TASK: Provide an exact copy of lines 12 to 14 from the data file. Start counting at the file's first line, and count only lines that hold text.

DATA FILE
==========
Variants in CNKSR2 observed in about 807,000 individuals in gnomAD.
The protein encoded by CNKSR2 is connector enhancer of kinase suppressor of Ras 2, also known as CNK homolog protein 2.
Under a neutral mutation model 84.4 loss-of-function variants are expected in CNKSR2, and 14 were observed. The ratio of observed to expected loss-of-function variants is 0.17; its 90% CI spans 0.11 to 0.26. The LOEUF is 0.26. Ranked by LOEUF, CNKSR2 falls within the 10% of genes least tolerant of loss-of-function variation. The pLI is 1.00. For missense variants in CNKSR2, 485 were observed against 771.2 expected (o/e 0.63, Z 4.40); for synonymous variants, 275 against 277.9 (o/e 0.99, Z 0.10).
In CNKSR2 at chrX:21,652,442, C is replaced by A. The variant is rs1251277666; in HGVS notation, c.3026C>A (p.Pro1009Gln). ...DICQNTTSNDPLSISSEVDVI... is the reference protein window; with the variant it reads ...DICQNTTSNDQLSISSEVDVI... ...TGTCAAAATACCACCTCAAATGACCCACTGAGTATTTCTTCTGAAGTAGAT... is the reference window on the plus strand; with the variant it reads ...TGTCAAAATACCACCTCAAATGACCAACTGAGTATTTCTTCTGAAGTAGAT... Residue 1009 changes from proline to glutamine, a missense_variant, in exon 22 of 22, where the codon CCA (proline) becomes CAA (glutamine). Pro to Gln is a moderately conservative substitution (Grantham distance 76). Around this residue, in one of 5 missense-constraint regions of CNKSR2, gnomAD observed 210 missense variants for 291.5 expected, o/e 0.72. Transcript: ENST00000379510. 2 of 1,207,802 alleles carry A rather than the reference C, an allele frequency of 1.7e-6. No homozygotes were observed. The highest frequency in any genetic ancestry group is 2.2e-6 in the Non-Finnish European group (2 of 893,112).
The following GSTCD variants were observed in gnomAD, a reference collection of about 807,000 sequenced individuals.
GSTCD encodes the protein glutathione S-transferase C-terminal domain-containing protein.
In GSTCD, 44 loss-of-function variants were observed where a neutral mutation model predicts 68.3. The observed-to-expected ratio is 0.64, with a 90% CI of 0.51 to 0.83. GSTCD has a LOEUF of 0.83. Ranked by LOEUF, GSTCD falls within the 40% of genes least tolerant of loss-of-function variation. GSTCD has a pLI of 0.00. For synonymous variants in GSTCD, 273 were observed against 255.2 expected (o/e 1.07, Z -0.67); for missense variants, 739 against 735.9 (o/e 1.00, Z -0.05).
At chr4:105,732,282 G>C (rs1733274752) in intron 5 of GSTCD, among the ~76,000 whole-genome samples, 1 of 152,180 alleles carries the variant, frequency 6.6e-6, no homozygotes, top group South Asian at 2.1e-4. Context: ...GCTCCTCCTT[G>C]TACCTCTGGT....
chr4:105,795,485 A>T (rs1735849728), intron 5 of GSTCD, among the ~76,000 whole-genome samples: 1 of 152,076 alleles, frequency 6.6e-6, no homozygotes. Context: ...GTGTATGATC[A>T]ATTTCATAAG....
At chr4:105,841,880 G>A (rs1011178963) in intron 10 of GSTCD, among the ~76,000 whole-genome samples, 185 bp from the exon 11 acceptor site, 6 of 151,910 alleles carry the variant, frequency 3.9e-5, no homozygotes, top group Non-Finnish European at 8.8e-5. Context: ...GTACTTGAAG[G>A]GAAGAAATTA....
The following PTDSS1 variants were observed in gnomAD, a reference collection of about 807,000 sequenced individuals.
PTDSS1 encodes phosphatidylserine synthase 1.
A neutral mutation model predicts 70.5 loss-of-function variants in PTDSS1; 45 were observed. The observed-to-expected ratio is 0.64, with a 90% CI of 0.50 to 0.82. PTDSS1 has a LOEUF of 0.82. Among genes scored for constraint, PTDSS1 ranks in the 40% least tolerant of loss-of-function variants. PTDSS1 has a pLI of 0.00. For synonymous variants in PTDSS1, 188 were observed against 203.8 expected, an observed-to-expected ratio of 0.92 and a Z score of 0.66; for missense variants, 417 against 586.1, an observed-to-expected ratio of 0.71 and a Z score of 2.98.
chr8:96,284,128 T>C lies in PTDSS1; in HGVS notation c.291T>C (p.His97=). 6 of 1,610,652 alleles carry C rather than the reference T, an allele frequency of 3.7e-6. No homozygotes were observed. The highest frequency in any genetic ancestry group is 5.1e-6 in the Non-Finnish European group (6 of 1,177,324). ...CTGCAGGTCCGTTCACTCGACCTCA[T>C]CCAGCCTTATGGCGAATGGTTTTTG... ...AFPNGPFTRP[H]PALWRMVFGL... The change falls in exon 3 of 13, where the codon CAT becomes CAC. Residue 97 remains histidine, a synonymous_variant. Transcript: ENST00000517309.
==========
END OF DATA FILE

PTDSS1 encodes phosphatidylserine synthase 1.
A neutral mutation model predicts 70.5 loss-of-function variants in PTDSS1; 45 were observed. The observed-to-expected ratio is 0.64, with a 90% CI of 0.50 to 0.82. PTDSS1 has a LOEUF of 0.82. Among genes scored for constraint, PTDSS1 ranks in the 40% least tolerant of loss-of-function variants. PTDSS1 has a pLI of 0.00. For synonymous variants in PTDSS1, 188 were observed against 203.8 expected, an observed-to-expected ratio of 0.92 and a Z score of 0.66; for missense variants, 417 against 586.1, an observed-to-expected ratio of 0.71 and a Z score of 2.98.
chr8:96,284,128 T>C lies in PTDSS1; in HGVS notation c.291T>C (p.His97=). 6 of 1,610,652 alleles carry C rather than the reference T, an allele frequency of 3.7e-6. No homozygotes were observed. The highest frequency in any genetic ancestry group is 5.1e-6 in the Non-Finnish European group (6 of 1,177,324). ...CTGCAGGTCCGTTCACTCGACCTCA[T>C]CCAGCCTTATGGCGAATGGTTTTTG... ...AFPNGPFTRP[H]PALWRMVFGL... The change falls in exon 3 of 13, where the codon CAT becomes CAC. Residue 97 remains histidine, a synonymous_variant. Transcript: ENST00000517309.